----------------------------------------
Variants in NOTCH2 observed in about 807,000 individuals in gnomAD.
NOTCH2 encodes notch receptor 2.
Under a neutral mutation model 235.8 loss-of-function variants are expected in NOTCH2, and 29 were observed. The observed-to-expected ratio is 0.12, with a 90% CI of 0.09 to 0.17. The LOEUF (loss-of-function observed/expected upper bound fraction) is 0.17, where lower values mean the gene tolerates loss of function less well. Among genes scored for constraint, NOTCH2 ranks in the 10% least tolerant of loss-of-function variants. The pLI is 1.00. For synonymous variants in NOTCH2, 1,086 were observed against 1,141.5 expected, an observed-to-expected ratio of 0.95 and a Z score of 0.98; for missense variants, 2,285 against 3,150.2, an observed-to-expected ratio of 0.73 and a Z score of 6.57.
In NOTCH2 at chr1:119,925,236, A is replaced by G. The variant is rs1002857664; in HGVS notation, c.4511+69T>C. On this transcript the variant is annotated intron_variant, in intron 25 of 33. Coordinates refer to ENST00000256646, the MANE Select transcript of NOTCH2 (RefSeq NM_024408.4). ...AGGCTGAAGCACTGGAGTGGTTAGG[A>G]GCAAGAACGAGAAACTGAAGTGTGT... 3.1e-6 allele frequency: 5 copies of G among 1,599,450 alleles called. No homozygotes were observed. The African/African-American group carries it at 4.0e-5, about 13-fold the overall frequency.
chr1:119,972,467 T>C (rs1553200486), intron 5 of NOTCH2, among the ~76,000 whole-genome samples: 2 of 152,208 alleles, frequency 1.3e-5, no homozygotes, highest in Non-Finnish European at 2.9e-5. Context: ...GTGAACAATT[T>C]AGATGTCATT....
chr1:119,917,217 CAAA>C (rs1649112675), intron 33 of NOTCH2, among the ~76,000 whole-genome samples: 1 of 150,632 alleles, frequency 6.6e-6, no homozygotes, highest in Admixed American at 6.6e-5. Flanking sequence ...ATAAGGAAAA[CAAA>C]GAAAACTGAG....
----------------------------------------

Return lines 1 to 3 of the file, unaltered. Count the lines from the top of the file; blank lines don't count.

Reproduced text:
Variants in NOTCH2 observed in about 807,000 individuals in gnomAD.
NOTCH2 encodes notch receptor 2.
Under a neutral mutation model 235.8 loss-of-function variants are expected in NOTCH2, and 29 were observed. The observed-to-expected ratio is 0.12, with a 90% CI of 0.09 to 0.17. The LOEUF (loss-of-function observed/expected upper bound fraction) is 0.17, where lower values mean the gene tolerates loss of function less well. Among genes scored for constraint, NOTCH2 ranks in the 10% least tolerant of loss-of-function variants. The pLI is 1.00. For synonymous variants in NOTCH2, 1,086 were observed against 1,141.5 expected, an observed-to-expected ratio of 0.95 and a Z score of 0.98; for missense variants, 2,285 against 3,150.2, an observed-to-expected ratio of 0.73 and a Z score of 6.57.